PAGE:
DGI Adventure 07-18-16 Sold Cash Secured Put + Investment Thesis – Wells Fargo & Company (WFC) – $46.00 strike – Aug 05 Expiration

This trade was actually executed on Friday 07/15/16. I didn’t get a chance to write about it until today.

Please visit the core philosophies article on my investment thesis process for a deeper explanation of the components of this article.

Dividend Cycle

WFC should go ex-dividend early in August. I’m hopeful that it will be after this trade expires, but it will be close. The last few years have been right around 8/5. My Interactive Brokers interface listed it as 8/10/16. We’ll see. If I end up getting assigned, it would be nice to collect the dividend. The payout currently sits at $0.38/share which is nearly equal to the premium received. WFC is a dividend challenger, sporting 6 consecutive years of dividend increases. The payout in May was an increase over the previous, albeit a pathetic bump of only 1.3%. As a systemically important financial institution (SIFI), management needs to get permission from mommy to pay dividends, so you can really only expect so much…

Investment

The QC (Quantitative Case)

*Note: the dividend cushion ratio doesn’t really work with banks. They have goofy shit going on with their books, and typically gobs of debt and cash that isn’t really related to the dividend payment. I’m still considering these flagged though, because I don’t really trust banks.

SPL (Strike Price Logic)

$45.00 seems to have been a resistance point over the last six months or so. The 52 week low is $44.50, which was set on 06/27, the Monday after Brexit.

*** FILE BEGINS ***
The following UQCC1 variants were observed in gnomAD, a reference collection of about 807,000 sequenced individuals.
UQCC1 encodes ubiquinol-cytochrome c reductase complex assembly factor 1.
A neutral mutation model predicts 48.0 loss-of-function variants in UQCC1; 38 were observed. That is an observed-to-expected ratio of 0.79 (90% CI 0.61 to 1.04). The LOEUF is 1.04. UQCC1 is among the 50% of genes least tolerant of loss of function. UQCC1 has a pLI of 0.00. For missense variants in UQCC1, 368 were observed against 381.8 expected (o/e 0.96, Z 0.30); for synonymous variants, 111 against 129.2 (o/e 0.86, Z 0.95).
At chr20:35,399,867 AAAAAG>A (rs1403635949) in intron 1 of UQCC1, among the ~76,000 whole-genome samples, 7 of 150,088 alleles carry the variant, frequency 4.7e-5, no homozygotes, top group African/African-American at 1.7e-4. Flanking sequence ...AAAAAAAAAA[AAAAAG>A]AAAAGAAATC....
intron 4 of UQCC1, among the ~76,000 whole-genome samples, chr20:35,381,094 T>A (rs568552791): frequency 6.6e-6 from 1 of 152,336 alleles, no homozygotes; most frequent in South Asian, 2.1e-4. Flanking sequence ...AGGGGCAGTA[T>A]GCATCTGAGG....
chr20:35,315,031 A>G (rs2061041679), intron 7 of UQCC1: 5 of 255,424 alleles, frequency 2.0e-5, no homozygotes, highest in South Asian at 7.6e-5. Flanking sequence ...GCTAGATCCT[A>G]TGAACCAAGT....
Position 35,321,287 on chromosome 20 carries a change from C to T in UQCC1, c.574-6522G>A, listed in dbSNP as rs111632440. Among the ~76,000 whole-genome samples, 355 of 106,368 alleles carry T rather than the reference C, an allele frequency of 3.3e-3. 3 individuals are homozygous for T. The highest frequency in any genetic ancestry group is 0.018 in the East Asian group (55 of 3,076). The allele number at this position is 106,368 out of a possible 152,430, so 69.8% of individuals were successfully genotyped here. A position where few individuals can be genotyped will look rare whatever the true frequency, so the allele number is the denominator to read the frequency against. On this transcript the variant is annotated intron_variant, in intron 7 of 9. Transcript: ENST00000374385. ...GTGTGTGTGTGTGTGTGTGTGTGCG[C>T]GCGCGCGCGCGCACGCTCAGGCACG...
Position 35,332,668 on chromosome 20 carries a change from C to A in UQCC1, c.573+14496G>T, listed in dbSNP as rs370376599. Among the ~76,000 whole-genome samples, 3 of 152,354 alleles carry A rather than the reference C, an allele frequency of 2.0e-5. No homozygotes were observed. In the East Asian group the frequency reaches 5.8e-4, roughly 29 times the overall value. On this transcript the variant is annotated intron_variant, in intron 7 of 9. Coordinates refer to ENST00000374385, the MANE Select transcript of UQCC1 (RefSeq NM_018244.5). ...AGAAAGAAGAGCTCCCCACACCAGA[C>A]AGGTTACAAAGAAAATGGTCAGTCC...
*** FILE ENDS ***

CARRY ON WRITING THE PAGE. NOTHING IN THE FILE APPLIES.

When it has touched the ~$45 level, it’s been awfully brief:

WFC – 1 Year Chart – Courtesy Yahoo Finance

I really wanted to try to get an expiration ahead of the ex-dividend date, which meant I was looking at August 5th at the latest (it still might be too late). The $45.00 strike on that expiry didn’t sport enough yield, but the $46.00 strike premium was acceptable. So I went for it.

WFC announced earnings this morning, and Mr. Market was disappointed. When the trade executed, shares were actually down 3% on the day. That’s a lot of volatility! I would have expected slightly better premium pricing, but it wasn’t there.

The order book (i.e. # of “bid” vs “ask” orders) was relatively balanced which is unusual for such a volatile trading day. I have a theory that maybe there were a lot of traders who bought puts ahead of the earnings date, and were trying to cash in once the price moved in their favor.

Oh well. 14% annualized is pretty good, and the shares ended up closing with okay but not great downside protection. I’ll take it.

QWaF (Qualitative Warm and Fuzzy)

I can’t understand big banks’ balance sheets. The debt levels scare me. I don’t understand how they calculate earnings (I don’t think anyone really understands…not even the banks). The quantitative methods of evaluating banks is a total mystery to me, so I guess any investment I make in a bank is purely about qualitative stuff.

Wells Fargo strikes me as the least evil big bank. When all the other banks started loading up on investment banking, trading desks, derivative hanky panky, etc. Wells Fargo, focused on deposits, and conservative loans. When everyone else gorged themselves on junk bonds from the oil patch, Wells Fargo intentionally tried to limit their exposure.

Considering I have no idea how to judge one bank from another, my gut feeling says Wells Fargo is the kind of bank you would want to marry your daughter. Or maybe you would just be okay with them dating, but that’s probably as good as it will get with banks? So maybe invest in Wells Fargo?

CPR (Cold and Prickly Risks)

See above. I don’t really understand banking, but after 2008, the consequences of over-extended leverage and opaque accounting practices demonstrated just how cold and prickly the risks of investing in ANY bank can be. I have almost zero faith that regulators are adequately keeping those risks in check now. So you hope your bank is self-regulating to some extent, which means the best bet is to go with the not evil banks…if you can tell who they are. 

I’m just guessing, but I think Wells Fargo is one of the few not evil ones.

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